Drugs
News
Based on facts either observed and verified firsthand by the reporter, or reported and verified from knowledgeable sources.

BC becomes first Canadian jurisdiction to decriminalize possessing small amounts of certain illicit drugs

Critics say the announcement is a step in the right direction but the maximum amount that can be carried is too low

By Brishti Basu
May 31, 2022
Drugs
News
Based on facts either observed and verified firsthand by the reporter, or reported and verified from knowledgeable sources.

BC becomes first Canadian jurisdiction to decriminalize possessing small amounts of certain illicit drugs

Critics say the announcement is a step in the right direction but the maximum amount that can be carried is too low

By Brishti Basu
May 31, 2022
Federal Minister of Mental Health and Addictions Carolyn Bennett announces the exemption on Tuesday, May 31. Photo: Province of British Columbia Flickr
Federal Minister of Mental Health and Addictions Carolyn Bennett announces the exemption on Tuesday, May 31. Photo: Province of British Columbia Flickr
Drugs
News
Based on facts either observed and verified firsthand by the reporter, or reported and verified from knowledgeable sources.

BC becomes first Canadian jurisdiction to decriminalize possessing small amounts of certain illicit drugs

Critics say the announcement is a step in the right direction but the maximum amount that can be carried is too low

By Brishti Basu
May 31, 2022
Get the news and events in Victoria, in your inbox every morning.
Thank you! Your submission has been received!
Oops! Something went wrong while submitting the form.
BC becomes first Canadian jurisdiction to decriminalize possessing small amounts of certain illicit drugs
Federal Minister of Mental Health and Addictions Carolyn Bennett announces the exemption on Tuesday, May 31. Photo: Province of British Columbia Flickr

Health Canada has granted BC’s request for an exemption to federal drug control laws in order to decriminalize personal possession of some controlled substances—opioids (like fentanyl), methamphetamine, cocaine, and MDMA—in a step that makes BC the first jurisdiction in Canada where people can use some illicit substances without fear of getting arrested or having their drugs seized. 

From Jan. 31, 2023 to Jan. 31 2026, people in BC aged 18+ will be allowed to carry a total of up to 2.5 grams of opioids (like fentanyl), methamphetamine, cocaine, and MDMA without getting arrested, charged, or having their drugs seized.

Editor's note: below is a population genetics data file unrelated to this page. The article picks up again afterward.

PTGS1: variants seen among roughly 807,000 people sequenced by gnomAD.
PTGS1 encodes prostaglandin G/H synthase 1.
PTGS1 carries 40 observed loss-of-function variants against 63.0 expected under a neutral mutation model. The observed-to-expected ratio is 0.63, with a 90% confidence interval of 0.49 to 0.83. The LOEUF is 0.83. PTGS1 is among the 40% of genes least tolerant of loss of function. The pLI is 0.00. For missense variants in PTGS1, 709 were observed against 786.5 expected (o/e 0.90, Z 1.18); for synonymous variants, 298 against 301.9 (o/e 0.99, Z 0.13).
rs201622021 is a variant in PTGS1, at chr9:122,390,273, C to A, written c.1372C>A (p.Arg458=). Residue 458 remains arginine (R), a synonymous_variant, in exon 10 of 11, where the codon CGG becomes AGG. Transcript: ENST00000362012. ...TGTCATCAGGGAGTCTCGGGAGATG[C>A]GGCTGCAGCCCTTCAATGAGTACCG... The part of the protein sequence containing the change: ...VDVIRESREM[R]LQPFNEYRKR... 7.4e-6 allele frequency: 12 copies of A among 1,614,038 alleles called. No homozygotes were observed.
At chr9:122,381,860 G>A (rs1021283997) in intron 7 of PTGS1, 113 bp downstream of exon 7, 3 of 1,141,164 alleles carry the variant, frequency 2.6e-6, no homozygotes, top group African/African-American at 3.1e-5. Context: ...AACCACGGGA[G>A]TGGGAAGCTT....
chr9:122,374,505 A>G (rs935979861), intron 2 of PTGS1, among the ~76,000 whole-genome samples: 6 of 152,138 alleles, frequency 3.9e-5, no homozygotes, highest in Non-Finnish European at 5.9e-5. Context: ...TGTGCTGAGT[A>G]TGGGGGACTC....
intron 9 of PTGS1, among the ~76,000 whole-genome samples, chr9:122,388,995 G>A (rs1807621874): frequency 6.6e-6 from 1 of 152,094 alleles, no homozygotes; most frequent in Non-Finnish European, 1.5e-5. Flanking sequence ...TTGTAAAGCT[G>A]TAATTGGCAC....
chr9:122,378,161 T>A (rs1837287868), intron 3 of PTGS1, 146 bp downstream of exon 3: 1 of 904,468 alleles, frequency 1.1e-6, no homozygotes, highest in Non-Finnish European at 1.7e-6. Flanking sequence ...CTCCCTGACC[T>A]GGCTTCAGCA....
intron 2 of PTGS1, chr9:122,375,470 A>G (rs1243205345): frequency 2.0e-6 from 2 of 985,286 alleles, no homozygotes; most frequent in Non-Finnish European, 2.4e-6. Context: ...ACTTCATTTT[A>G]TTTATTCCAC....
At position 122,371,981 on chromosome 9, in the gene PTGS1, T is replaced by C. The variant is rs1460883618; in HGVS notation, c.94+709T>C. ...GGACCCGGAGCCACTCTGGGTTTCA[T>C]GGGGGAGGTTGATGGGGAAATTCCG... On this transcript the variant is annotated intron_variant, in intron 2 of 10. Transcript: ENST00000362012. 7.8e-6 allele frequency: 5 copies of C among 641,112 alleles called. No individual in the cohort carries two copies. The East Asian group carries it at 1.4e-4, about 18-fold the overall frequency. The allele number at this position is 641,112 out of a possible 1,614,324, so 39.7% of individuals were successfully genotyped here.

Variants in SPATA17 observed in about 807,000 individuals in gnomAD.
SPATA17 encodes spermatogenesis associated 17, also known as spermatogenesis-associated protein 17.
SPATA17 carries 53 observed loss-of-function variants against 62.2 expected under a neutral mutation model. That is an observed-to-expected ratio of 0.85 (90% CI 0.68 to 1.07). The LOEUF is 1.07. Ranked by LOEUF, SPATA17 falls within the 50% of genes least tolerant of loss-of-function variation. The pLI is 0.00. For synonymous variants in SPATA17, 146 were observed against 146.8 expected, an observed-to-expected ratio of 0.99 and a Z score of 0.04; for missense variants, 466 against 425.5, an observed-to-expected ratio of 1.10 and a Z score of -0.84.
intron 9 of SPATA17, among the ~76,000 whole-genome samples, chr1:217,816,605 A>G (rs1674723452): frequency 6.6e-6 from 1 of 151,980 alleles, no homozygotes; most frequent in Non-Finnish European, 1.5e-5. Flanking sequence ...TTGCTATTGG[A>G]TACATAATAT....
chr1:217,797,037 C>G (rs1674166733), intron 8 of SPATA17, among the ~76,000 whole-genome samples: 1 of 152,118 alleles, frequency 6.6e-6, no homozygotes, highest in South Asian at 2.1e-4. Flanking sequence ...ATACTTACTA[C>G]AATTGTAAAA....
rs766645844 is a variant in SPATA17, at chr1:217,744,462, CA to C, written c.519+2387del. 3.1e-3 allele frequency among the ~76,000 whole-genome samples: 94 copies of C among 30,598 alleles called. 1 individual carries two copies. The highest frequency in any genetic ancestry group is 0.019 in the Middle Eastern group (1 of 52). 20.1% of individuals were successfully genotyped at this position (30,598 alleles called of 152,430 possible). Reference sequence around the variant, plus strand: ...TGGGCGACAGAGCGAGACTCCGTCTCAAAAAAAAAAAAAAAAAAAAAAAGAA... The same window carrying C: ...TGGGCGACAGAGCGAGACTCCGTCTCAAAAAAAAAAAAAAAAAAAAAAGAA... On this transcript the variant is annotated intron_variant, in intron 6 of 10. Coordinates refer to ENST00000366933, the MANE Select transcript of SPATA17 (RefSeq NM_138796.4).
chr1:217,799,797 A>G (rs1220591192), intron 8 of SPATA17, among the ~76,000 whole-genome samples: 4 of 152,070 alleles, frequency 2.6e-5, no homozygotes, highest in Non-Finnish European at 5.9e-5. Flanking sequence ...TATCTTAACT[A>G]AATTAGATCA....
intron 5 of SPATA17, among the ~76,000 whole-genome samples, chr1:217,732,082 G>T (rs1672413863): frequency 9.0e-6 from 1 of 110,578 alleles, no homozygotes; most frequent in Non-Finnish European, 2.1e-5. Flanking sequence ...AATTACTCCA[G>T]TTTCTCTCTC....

The announcement comes after 9,364 people lost their lives to overdose between April 2016 and March 2022 in BC. 

This exemption to federal laws does not apply on K-12 school grounds, at licensed childcare facilities, and onboard Canadian Coast Guard vessels and helicopters. Canadian Armed Forces members are also not covered by the exemption. 

Lower threshold 

The federal allowance for personal possession has come in lower than what BC had originally asked for—4.5g.

Ahead of the announcement, Garth Mullins, representative of Vancouver Area Network of Drug Users (VANDU) and podcast host, shared his views about the threshold as one of the advisors to BC on their application for the exemption. He, like others, criticized lowering the possession cap to 2.5g, saying 4.5g was already on the low end of what many people use.

“The first meeting on decriminalization I ever went to was August 1998,” Mullins wrote on Twitter. “As an old-school dopefiend, it warms my heart to see some progress. But the threshold is more appropriate to 1998, when we had heroin that lasted for 8-12hrs. Today's dope has no legs. It barely lasts 2 hrs.”

Critics have argued that a lower than 4.5g threshold will not only continue the criminalization of many users, but also force them into more dangerous behaviour—including having to conduct drug deals more frequently, and not being able to get purchased drugs checked in bulk to ensure they are safe.

According to Mullins, the federal and provincial government, plus “police lobbying,” decided the threshold for the exemption without taking into account input from people with lived experience.

Support Your Community, Support Local Journalism

With paid membership, every penny goes directly to helping our newsroom continue its work and helps our team grow and expand our coverage

Become an Insider